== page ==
When Olive Garden announced earlier this year that it would be offering a limited number of "Never-Ending Pasta Passes," with which a person could pay $100 for an all-you-can-eat experience at the chain for seven weeks, we could only hope that someone of great focus and determination would go whole hog and eat nothing but Olive Garden for every meal.
As we learned earlier this week, such a person does indeed exist. He is Alan Martin, a Burlington, North Carolina, minister and father of two, who has eaten at Olive Garden twice a day, every day, for the past six weeks. Salon spoke with him yesterday to learn more about his gustatory ambitions.
This interview has been lightly edited.
Why did you decide to take on this challenge?
Well, I like a good value. I won a Chik-Fil-A contest a couple years ago where I got free Chik-Fil-A breakfast for a year. And I kinda liked it. And I thought: Well I like to eat for free, and my family, we like a good coupon. We usually go out to eat and we have a "kids eat free" coupon or we go out on the night the restaurant we like has kids-eat-free. To save a little money in today’s economy, we try to maximize it. So six weeks ago there was a lot of publicity in the morning news shows about Olive Garden running a contest to give away a thousand cards where you can eat free, if you pay a hundred dollars. And I thought, well that’s my kind of contest right there! When I leave my neighborhood, I have to go by an Olive Garden, and I thought, you know, this is perfect. I go by Olive Garden every day of my life, I might as well stop in and eat for free. And so we thought it was a good little contest.
I sat down and got ready at 2—it was supposed to be at 3 p.m.—and so at 2:30 I sat down and logged on and created an Olive Garden account, and at 3 o’clock I tried to apply for the card, and I was one of the thousand people who won the opportunity to buy the card for a hundred bucks.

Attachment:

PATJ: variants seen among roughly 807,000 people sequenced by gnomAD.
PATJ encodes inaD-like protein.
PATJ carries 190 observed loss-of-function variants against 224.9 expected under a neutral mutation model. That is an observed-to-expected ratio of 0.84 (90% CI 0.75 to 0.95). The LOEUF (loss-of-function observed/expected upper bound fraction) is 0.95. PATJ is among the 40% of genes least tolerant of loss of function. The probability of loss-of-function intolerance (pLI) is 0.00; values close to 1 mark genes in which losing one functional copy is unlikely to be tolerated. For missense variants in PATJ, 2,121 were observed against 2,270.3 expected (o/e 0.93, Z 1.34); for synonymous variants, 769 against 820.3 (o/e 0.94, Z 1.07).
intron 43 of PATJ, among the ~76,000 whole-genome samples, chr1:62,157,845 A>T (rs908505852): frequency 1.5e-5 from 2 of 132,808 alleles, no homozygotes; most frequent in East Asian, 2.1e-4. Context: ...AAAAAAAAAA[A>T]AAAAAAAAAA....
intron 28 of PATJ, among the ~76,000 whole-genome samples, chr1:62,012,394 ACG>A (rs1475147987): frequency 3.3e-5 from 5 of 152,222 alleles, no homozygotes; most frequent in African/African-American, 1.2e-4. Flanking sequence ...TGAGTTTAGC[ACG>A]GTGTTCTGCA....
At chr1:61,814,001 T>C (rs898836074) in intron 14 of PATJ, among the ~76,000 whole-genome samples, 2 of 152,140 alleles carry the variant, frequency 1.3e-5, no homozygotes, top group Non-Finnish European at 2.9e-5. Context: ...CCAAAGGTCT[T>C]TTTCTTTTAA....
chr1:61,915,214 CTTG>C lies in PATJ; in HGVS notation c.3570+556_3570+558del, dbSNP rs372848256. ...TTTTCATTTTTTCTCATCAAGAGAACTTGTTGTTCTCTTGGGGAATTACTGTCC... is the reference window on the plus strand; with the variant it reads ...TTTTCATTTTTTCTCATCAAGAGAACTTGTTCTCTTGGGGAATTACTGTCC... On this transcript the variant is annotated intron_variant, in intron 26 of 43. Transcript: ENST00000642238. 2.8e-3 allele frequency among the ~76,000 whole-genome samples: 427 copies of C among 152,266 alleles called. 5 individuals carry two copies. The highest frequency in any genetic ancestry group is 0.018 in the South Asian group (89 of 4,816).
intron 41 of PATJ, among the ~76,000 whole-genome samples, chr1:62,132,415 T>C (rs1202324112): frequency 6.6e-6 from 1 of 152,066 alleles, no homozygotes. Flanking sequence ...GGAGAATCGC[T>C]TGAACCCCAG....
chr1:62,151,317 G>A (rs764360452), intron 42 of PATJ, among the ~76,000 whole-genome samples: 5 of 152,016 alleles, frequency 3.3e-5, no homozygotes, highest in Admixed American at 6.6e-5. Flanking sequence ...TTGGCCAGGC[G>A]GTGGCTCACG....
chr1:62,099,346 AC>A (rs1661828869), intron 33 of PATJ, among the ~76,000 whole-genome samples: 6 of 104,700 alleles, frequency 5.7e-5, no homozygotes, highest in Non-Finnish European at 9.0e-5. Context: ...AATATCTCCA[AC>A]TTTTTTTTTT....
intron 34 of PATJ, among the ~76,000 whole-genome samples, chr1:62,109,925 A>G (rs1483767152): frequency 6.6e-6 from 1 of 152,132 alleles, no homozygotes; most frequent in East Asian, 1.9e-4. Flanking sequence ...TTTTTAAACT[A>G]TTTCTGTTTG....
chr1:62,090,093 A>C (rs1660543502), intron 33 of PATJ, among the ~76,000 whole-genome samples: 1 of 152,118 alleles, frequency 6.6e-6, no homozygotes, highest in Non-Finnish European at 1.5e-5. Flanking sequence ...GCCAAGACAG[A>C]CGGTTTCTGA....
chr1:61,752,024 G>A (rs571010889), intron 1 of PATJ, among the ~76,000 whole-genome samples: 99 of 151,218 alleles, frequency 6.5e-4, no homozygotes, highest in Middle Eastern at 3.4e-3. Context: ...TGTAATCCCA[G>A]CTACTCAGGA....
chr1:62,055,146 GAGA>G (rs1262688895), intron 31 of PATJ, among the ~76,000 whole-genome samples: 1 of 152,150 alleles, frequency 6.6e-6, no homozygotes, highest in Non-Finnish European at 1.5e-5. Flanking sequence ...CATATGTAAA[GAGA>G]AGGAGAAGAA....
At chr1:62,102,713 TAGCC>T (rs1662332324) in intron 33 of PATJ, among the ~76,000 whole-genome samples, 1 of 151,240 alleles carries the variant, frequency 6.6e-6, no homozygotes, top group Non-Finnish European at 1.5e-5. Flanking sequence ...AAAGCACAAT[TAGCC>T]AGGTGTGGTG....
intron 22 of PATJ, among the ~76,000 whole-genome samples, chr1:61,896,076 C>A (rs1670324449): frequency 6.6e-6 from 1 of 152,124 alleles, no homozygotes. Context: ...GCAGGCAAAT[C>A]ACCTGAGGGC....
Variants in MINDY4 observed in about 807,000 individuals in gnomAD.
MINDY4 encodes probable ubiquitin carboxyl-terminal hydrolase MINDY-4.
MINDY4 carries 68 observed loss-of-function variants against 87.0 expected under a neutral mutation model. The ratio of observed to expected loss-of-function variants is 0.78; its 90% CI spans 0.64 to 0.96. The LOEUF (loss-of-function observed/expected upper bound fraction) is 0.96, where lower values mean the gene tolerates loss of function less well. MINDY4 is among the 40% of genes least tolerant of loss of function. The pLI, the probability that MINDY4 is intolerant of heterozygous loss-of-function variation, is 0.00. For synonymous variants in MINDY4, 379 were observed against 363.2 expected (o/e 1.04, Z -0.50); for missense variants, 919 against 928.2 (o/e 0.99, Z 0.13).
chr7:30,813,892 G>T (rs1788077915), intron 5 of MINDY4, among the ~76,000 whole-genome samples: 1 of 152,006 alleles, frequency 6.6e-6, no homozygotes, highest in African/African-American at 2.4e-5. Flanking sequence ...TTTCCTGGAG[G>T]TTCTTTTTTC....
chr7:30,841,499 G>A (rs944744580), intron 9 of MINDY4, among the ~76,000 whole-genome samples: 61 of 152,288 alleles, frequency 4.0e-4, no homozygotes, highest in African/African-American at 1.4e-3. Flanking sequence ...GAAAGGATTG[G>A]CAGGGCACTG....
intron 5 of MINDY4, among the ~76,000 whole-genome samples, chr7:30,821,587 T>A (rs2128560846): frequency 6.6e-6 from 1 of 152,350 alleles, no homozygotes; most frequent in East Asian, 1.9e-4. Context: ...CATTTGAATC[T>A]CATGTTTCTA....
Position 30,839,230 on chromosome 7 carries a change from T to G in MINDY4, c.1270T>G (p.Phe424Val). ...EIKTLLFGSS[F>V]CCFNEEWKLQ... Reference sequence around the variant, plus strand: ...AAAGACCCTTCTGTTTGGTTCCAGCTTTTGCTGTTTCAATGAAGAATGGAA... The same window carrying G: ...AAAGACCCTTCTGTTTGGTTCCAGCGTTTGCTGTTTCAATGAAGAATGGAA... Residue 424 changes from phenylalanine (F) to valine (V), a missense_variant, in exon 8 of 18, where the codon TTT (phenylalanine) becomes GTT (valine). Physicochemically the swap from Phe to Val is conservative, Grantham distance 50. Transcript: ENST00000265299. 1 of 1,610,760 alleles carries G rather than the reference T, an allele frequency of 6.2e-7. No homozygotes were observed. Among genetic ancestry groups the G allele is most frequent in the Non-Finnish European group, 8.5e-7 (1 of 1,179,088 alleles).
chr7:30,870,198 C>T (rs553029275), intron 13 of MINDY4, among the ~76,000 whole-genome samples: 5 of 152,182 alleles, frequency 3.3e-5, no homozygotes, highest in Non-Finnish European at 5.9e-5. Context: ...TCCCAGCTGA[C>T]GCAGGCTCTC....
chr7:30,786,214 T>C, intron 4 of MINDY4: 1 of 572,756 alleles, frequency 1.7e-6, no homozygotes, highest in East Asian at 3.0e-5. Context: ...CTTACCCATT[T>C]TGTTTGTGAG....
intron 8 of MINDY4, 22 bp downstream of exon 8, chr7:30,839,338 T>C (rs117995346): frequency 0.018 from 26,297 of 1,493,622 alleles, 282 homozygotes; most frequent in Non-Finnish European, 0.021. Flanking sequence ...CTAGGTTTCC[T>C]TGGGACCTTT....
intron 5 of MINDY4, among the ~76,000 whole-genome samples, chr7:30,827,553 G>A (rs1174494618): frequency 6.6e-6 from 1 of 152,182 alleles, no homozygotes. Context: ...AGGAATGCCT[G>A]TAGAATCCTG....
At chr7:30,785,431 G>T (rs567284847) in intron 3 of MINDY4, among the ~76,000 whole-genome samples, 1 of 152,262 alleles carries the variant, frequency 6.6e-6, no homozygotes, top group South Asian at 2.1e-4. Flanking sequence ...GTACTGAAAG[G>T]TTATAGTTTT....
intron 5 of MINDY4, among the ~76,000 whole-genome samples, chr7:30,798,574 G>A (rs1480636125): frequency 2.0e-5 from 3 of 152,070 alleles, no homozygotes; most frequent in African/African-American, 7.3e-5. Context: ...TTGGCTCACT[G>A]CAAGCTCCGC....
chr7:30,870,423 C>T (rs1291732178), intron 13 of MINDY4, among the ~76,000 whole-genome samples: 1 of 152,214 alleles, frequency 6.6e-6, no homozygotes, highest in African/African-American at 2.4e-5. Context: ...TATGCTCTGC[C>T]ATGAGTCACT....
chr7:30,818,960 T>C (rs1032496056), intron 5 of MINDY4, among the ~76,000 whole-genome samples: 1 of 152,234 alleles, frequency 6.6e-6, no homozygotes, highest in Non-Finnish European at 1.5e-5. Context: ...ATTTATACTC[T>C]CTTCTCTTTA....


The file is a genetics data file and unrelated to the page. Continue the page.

How have you gone about approaching the menu? Do you have a favorite item?
I love spaghetti and I thought that I was going to be able to eat spaghetti every day, but it has not worked out that way. There are 150 combinations that can be used on the Olive Garden Never-Ending Pasta Pass and I started to try all these different combinations—chicken parmesan and fettuccini mushroom Alfredo, and there’s a mushroom garlic Alfredo. There’s like "three meat" which has salami and sausage in it and that’s very spicy. So I’m trying all these different things and they’re all great. You know, Olive Garden’s got pretty good food.
I’ve eaten 100 meals now and the consistency of the quality of food is fantastic. I have not had one meal that was not just perfect. And in the second or third week I got into the soups and I was mad at myself for not trying those sooner. Chicken gnocchi soup, pasta fagioli soup—those are my two favorites. I enjoyed those immensely.
So do I have a favorite? Spaghetti and meatballs is my favorite. I don’t order it every time. You know, it just depends. It just depends on what kind of mood I’m in!
What is your daily routine like? Has it changed your life a lot to have to do this?
That is a great question. This is the funniest thing to me and my family—I’ve got a wife and a couple kids. The funniest thing is that we’re just going about our normal life here. I get up, I go to Olive Garden every day at 11 o’clock. When it opens, I’m the first one in and I eat. And at about five o’clock I’ll go back over and I’ll pick up a meal and bring it home and eat dinner with my family. Now my kids, I’ve got little kids that eat macaroni and cheese or, you know, a quesadilla or something. And my wife, sometimes she eats the Olive Garden salads. She’s eaten Olive Garden salads for about the last six weeks, and she’s lost twelve pounds in six weeks eating the salads. She’s on a low-carb diet. So she’ll eat the salads and I’ll eat the pasta and we all sit down and eat our dinner like a normal family would in America, except I drove out to the Olive Garden and got it and brought it back and it was free! So, no it hasn’t changed our lives at all. Again, we drive by that thing every day. I’m a minister, we go to church, we come back home, we stop by the Olive Garden, pick up a meal and bring it home.